The Divider Behind the Uniter
As Karl Rove prepares to depart the White House after almost 15 years at the side of George W. Bush, he leaves behind an important question: Can anyone among the 2008 political strategists devise a game plan for winning tough campaigns that also contributes to successful governing? Rove's probable legacy has been well analyzed since word of his departure was published in Monday's Wall Street Journal. It is obviously mixed.
Over two decades, he helped convert Texas from a state dominated by Democrats to one now firmly in Republican hands. In the 1990s, he took a candidate with a good name-- Bush--but an indifferent record in private life and helped him demolish a popular incumbent governor, Ann Richards.
He built the strategy for winning a 2000 campaign in which, as the Bush team used to joke, required a campaign message of: "Things are good. Time for a change." He followed up that campaign with a 2004 reelection strategy built on the opposite theme: "Things are lousy. Stay the course."
In between those presidential campaigns, he injected the politics of terrorism into the 2002 midterm elections, which helped the Republican Party defy history and record gains in the House and Senate. But the strategy came at a significant cost of poisoning relationships between the parties that has deepened because of the war in Iraq and that has become part of Rove's legacy.
Rove will exit the White House remembered by his friends as one of the most effective political strategists of the past two decades, but branded by opponents with a reputation as the architect of the kind of divisive, partisan politics that have made Bush the most polarizing president in history.
Democrats long have argued that it was Bush--at Rove's encouragement--who squandered the national unity after terrorists attacked on Sept. 11, 2001. They point to Rove's speech to the Republican National Committee early 2002 in which he pointed to the war on terror as a political asset and a political weapon to be used in the upcoming campaign.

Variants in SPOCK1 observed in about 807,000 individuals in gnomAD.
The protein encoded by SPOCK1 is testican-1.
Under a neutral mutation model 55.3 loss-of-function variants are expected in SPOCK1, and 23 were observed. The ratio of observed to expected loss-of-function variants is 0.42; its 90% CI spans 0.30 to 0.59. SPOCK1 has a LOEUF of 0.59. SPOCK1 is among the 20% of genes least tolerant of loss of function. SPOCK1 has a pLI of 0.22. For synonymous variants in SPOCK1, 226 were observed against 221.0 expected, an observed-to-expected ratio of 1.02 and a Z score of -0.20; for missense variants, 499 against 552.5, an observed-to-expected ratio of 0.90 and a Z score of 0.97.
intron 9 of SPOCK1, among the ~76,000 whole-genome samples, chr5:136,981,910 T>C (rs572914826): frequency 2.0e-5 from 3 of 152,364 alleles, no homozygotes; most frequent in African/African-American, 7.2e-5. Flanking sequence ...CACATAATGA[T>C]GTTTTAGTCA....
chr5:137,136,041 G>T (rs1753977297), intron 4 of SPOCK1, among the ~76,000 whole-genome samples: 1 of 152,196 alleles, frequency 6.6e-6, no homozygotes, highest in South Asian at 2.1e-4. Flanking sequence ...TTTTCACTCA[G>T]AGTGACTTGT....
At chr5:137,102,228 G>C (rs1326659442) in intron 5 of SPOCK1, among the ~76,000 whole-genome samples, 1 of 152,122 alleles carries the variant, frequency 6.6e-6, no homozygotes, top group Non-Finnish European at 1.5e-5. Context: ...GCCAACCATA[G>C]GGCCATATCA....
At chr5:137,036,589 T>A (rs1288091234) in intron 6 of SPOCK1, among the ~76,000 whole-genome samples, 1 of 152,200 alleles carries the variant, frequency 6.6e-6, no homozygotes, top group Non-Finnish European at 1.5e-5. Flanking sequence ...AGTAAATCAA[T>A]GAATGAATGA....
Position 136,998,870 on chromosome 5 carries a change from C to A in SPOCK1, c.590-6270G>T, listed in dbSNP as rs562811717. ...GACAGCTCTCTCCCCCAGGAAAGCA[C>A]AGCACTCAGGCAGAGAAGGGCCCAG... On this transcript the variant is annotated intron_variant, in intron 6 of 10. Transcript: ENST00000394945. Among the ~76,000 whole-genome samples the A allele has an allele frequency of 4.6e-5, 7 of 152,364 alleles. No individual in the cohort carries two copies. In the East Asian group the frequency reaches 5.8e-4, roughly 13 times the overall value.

Rove would argue that the relations between the parties already were poisoned, that Democrats long before had decided they would not or could not work with the president. In a 50-50 nation and a country divided into red and blue states, according to this argument, the battle lines were drawn long before any of the nasty ads started airing in that campaign.
Much has been written overnight about the tactical skills Rove employed in Bush's campaigns--as well as his failure to achieve on his watch the creation of a durable Republican majority. Rove never has believed in big boom theory of realigning elections and saw as his goal steady expansion by the Republicans over a series of campaigns.
Whether 2006 marked an interruption in what has been a period of conservative expansion or the beginning of a pendulum swing back toward the left is part of what Campaign 2008 will reveal. At a minimum, 2006 marked a huge setback for the GOP, the president and Rove.
But election victories mean little without a successful governing strategy. Even after their 2004 reelection victory, Bush and Rove were unsuccessful in converting their success into popular support for a domestic agenda or the administration's policies in Iraq.
That is the biggest challenge facing all the candidates vying to succeed Bush--as well as the strategists who hope one day to be remembered as the most successful operatives of their generation.
Few things are more evident along the campaign trail than public disgust with politics in Washington. Every candidate in both major parties knows it and is trying to position him or herself as the person who can usher in a different style of governing.
All pay lip service to working together--and in almost the next breath utter words designed to drive a wedge into the electorate on every issue of importance--whether it is Republicans branding Democratic proposals on health care as socialized medicine or Democrats offering their loyalists on the left red meat rhetoric about the president and his chief political strategist.
Republican and Democratic candidates talk about national reconciliation but then run their primary campaigns from parallel universes, as if they live in different nations: Republicans speaking to Red America and Democrats speaking to Blue America. The strategists offer private reassurances that things will change once the nominations are secured and their candidates can focus on the center of the electorate and a more unifying message. Perhaps.
Whatever they all think about Karl Rove and the legacy he leaves behind, the question they have before them is: what next? At this point they judge success as winning--winning the Iowa caucuses and the New Hampshire primary and the states that follow, then winning what could be another tough and negative general election.
Hundreds of millions of dollars will be spent between now and November 2008 on negative ads and nasty messages. Will the winner emerge with a strategy and the political support to solve the conundrum of Iraq or fix a health care system that has left 45 million Americans without insurance or any of the other problems on the horizon? Or will they have run a campaign that puts winning first and governing last?
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